Tuesday, March 23, 2004

One Nation, Enriched by Biblical Wisdom: "The lesson I draw from all this is that prayer should not be permitted in public schools, but maybe theology should be mandatory. Students should be introduced to the prophets, to the Old and New Testaments, to the Koran, to a few of the commentators who argue about these texts.
From this perspective, what gets recited in the pledge is the least important issue before us. Understanding what the phrase 'one nation under God' might mean -- that's the important thing. That's not proselytizing; it's citizenship."


I continue to like David Brooks, and I agree that theology should be taught, but I have to disagree with his other conclusion here. Granted, I'm biased because I am such a religious person, and according to some (including my own mom) I'm fanatical about it at times.

My problem is, I firmly believe that the intent of the Founders in writing "Congress shall make no law respecting an establishment of religion, or prohibiting the free exercise thereof..." was not to keep religion out of public life, but exactly the opposite. It was to allow everyone, both publicly and privately, to practice whatever form or religion he wanted, and to whatever extent he chose.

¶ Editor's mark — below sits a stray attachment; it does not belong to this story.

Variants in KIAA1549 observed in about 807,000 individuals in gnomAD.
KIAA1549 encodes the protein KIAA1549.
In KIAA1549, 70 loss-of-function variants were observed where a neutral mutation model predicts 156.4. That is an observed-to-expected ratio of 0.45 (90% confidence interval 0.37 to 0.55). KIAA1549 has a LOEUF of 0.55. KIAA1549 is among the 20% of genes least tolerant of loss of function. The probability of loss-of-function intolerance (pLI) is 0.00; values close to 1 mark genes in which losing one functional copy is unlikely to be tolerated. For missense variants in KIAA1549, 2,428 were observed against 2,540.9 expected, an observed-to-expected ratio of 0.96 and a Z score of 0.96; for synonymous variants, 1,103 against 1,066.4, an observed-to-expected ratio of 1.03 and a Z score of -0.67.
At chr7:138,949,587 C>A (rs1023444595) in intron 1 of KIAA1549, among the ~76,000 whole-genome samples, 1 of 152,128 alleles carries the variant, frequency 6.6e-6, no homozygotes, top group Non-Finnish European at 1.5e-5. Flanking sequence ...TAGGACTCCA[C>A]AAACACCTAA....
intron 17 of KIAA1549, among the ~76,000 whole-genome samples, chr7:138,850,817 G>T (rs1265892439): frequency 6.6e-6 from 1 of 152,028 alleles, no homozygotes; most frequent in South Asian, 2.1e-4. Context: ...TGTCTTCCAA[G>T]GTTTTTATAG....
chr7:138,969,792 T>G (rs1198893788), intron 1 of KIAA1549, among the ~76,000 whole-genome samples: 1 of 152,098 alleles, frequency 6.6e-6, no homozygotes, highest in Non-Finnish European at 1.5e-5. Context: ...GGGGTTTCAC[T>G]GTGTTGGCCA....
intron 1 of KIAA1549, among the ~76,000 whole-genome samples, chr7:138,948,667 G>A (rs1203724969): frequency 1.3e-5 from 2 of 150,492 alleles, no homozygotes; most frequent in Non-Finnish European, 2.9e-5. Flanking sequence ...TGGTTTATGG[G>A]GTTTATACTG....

More than that, I maintain that this is still a good premise. We should not have organized prayer, under any circumstances, but the right to pray in school should not be limited in any way. As it stands right now, many public schools in this country have abolished the moment of silence to prevent prayer. I've heard stories (maybe urban legends, but maybe not) about students who have knelt down, or even just bowed their heads before a test, maybe crossed themselves, and been reprimanded, even suspended for such behavior. It's a scary prospect for me that God is being forcibly removed from public life. Is it so terrible that many of us continue to pray for God to bless us, and for God to bless America? There's a reason Yale still sells banners that say For God, For Country, and For Yale. Right or wrong, religion is a source of inspiration, of encouragement, and of hope for a better life. Isn't that what America is all about?

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